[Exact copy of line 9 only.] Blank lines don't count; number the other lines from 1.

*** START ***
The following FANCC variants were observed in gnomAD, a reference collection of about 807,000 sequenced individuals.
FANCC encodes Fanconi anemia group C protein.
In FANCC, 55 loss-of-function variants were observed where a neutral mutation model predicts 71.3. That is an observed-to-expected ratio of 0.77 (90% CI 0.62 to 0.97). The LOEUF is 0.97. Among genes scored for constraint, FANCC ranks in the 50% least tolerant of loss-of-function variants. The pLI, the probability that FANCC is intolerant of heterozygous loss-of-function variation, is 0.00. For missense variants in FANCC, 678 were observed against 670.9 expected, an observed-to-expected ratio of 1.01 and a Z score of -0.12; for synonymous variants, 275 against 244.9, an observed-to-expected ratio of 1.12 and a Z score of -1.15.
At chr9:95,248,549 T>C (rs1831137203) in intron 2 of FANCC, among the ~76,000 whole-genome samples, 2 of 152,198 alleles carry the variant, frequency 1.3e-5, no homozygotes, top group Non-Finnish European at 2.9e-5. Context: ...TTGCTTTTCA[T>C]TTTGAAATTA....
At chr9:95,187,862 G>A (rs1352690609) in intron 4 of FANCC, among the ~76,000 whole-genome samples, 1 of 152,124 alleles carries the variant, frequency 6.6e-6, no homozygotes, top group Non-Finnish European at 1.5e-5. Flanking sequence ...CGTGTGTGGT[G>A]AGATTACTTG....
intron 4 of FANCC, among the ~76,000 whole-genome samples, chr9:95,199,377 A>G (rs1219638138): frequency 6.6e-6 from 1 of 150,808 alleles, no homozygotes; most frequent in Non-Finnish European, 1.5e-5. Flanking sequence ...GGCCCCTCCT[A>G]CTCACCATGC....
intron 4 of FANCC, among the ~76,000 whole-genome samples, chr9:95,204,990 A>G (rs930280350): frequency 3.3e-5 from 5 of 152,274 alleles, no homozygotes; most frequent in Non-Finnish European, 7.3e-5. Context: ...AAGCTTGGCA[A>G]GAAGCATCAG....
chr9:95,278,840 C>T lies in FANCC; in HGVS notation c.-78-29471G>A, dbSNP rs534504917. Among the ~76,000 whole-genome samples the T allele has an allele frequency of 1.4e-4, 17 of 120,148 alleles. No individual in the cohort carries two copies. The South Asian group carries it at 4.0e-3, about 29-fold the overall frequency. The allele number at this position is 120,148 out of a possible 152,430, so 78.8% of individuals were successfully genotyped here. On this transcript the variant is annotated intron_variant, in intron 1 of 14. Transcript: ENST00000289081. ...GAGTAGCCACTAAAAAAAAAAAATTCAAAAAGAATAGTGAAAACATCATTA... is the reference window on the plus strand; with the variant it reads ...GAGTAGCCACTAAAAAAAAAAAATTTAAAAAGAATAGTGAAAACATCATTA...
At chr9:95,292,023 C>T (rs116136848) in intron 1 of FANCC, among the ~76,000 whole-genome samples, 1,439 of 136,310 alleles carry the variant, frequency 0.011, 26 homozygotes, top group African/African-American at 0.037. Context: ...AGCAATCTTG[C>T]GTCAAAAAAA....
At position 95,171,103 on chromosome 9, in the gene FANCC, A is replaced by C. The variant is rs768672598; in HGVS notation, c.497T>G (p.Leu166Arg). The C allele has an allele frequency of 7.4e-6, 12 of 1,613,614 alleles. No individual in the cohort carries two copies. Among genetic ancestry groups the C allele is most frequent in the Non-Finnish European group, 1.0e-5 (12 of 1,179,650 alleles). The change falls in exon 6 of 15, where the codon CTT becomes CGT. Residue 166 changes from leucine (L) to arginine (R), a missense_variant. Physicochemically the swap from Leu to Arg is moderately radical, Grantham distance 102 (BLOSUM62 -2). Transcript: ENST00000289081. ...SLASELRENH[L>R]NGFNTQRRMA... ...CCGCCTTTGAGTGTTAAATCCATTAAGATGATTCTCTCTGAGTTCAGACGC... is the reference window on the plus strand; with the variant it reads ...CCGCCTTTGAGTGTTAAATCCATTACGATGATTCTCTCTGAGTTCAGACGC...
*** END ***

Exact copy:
At chr9:95,292,023 C>T (rs116136848) in intron 1 of FANCC, among the ~76,000 whole-genome samples, 1,439 of 136,310 alleles carry the variant, frequency 0.011, 26 homozygotes, top group African/African-American at 0.037. Context: ...AGCAATCTTG[C>T]GTCAAAAAAA....